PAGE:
The outlines of a European policy on the Indo-Pacific

The Netherlands recently published its first official strategy paper for the Indo-Pacific, just ten weeks after Germany had brought out its own. The two countries are now part of a club of three in Europe, after France led the way in 2018. In the diplomatic world, this feels like lightning speed

Europe, united in recovery – for now

It took four days and a “historical” summit for the heads of states and governments of Europe to finally agree on the recovery plan that should help the European Union face the devastating consequences of the Covid-19 pandemic. Celebrated by a recovery in local stocks, the agreement last week

Turkey: Not a team player

Turkey is increasingly becoming the piece of the NATO puzzle that just won’t fit. President Recep Erdoğan’s particular brand of Turkish nationalist populism has earned him criticism from most NATO members at one time or another. Turkey’s plans for European Union membership seem increasingly

Covid-19 exposes the need for a European constitution

As Europe begins to emerge from the worst of the coronavirus pandemic, another crisis seems to be looming. The German Constitutional Court last week threatened to block the Bundesbank from taking part in the EU stimulus program to save the Euro, in a challenge to European unity. The reaction

Europe under threat

The novel coronavirus Covid-19 dominates not only the media headlines in Europe but the everyday life of just about anybody. In the federalist European Union, it is still up to the individual states, often also their parts – Bundesländer, Départements, Provincie, or whatever they are called –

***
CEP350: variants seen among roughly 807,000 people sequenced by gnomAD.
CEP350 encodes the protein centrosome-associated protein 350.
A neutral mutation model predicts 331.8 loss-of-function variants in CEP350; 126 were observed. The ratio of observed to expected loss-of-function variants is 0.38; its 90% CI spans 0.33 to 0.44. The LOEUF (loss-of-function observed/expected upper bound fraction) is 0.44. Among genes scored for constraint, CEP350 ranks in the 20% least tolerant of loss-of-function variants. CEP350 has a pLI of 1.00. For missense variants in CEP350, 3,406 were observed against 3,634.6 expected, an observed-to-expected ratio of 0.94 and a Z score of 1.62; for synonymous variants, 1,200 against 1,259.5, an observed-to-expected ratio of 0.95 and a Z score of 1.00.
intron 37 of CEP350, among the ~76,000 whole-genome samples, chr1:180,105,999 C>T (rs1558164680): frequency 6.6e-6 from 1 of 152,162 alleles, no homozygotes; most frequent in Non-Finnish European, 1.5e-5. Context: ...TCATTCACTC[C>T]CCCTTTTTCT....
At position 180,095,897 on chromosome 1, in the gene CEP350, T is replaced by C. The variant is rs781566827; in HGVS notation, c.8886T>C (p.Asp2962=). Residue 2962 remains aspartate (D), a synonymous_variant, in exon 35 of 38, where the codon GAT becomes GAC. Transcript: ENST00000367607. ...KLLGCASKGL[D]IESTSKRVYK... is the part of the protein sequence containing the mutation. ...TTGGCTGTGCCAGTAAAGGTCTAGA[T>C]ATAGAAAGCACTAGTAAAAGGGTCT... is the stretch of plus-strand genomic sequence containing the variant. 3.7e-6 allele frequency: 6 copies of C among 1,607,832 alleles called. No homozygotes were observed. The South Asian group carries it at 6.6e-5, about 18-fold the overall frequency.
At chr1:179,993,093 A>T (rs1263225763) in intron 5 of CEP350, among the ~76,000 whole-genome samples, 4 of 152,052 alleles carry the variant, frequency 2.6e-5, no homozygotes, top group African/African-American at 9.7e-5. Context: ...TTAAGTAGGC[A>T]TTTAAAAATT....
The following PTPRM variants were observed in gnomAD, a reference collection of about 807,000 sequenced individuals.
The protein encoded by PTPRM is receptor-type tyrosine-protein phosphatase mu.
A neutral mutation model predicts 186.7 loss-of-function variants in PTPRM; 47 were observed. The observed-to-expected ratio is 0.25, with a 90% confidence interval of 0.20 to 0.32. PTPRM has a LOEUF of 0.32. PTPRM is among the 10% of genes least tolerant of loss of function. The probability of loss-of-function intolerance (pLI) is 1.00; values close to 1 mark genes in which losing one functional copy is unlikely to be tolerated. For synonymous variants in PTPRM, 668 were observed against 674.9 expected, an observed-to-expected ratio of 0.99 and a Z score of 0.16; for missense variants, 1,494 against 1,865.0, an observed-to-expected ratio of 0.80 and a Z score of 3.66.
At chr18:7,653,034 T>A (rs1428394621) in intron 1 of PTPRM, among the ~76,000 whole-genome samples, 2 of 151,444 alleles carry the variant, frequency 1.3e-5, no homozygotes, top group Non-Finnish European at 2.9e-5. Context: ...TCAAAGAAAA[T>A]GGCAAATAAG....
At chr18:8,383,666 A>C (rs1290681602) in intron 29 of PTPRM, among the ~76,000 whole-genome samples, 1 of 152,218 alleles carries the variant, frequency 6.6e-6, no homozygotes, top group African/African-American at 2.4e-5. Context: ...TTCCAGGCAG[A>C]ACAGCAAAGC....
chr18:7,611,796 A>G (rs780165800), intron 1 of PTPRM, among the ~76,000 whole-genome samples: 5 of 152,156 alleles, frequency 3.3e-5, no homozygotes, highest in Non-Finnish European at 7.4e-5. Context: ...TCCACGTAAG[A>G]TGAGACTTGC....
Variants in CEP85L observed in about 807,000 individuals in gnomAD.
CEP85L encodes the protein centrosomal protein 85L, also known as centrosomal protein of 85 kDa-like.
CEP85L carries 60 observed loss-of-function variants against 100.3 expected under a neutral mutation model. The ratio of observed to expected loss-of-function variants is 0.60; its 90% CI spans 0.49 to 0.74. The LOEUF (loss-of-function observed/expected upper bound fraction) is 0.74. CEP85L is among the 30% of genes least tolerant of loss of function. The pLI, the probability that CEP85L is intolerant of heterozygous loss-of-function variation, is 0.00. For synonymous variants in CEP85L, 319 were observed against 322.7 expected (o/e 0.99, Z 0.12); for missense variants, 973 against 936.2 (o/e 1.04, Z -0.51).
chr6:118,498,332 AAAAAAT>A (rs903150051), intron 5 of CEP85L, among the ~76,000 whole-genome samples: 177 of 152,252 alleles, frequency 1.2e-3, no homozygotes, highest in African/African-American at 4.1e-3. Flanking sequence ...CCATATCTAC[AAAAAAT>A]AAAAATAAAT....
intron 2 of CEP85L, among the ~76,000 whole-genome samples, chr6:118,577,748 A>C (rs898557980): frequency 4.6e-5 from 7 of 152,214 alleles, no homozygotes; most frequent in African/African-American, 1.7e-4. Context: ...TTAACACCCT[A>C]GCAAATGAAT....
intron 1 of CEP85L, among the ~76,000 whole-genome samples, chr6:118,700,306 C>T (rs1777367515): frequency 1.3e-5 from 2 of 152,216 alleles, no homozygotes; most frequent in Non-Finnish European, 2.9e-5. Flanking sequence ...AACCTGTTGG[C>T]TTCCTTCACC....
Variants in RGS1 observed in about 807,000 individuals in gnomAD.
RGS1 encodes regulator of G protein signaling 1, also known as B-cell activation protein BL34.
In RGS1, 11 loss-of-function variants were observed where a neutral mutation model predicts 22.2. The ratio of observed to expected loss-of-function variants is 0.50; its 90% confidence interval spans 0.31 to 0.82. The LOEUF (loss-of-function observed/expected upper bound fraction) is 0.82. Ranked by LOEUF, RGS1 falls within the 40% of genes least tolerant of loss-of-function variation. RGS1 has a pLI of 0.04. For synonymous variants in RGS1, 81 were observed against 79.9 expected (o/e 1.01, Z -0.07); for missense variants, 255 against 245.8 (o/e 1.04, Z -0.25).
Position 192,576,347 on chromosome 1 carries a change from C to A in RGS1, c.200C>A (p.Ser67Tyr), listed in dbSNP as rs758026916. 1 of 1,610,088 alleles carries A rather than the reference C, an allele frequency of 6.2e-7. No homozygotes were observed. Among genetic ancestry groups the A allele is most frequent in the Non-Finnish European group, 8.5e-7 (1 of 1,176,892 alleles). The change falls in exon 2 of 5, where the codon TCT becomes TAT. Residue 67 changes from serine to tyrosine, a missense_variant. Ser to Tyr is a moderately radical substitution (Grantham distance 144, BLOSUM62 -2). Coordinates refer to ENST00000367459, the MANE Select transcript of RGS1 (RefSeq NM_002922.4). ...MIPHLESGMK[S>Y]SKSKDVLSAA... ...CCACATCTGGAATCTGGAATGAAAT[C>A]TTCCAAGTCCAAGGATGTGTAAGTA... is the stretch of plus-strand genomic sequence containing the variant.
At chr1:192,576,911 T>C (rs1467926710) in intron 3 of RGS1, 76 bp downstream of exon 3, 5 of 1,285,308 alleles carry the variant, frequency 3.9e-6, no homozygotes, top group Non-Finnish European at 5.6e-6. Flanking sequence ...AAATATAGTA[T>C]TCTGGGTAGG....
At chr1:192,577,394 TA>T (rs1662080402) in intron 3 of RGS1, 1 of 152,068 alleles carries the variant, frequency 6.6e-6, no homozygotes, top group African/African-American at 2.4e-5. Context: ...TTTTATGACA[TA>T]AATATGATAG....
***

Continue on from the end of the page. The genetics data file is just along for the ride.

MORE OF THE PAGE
Brexit: “Do or die”

Over the past few weeks, breathless British journalists have published verbatim the private words and long missives of a person known as “No. 10 Source”, who on close inspection is almost certainly Dominic Cummings, Prime Minister Boris Johnson’s Chief of Staff. Cummings attracted public

Brexit: Deal or no deal

On 31 October, the UK is once again due to leave the European Union. This is the third such deadline this year. It is possible that there will be a fourth, should the European Council be asked yet again to extend the UK’s membership to provide time for it to leave in an orderly rather than

Houses divided

Many of The Interpreter’s readers are experts on the theory and conduct of international relations. So, quite reasonably, they look at armed conflict through the lens of inter-state relations, where one state resorts to the use (or the threat of use) of armed force to prevail over another. For

Europe and the Anglosphere drifting apart

Beyond the somewhat confusing continental results of this month’s elections to the European Parliament, a longstanding trend becomes clearer. Britain is trying to go alone on its nationalist and conservative way, mirroring the US and Australia. At least on the Monday morning after the

The last straw for Theresa May

After Margaret Thatcher, John Major, and David Cameron, Theresa May is the latest Conservative Prime Minister to have been undermined by her inability to manage the divisions within her party over Europe. May tried to achieve something that was always going to be difficult, respecting the outcome

The greatest British political crisis of modern times

Brexit appears to be approaching a bewildering denouement. Prime Minister Theresa May has reached a dead end with a negotiated deal that met the criteria for leaving the European Union and would have done so in an orderly fashion but satisfied very few. Hard-line Leavers considered it so much

Brexit: Britain’s Commonwealth pivot is nothing new

In the midst of Britain’s painful extraction from the European Union, a saga which deepened this week with a second parliamentary defeat for Theresa May’s Brexit deal, key figures on the Conservative right harbour a quiet hope that the Commonwealth will come to the rescue. Notwithstanding the

Fisheries and Brexit – a slippery affair

Despite accounting for a mere 0.12% the UK’s overall economic output, fisheries is one of the most contentious issues in the Brexit jumble. Highly politicised, negotiations on the future fisheries regime could tarnish the overall outcome of British departure from the EU. Issues of British

Pages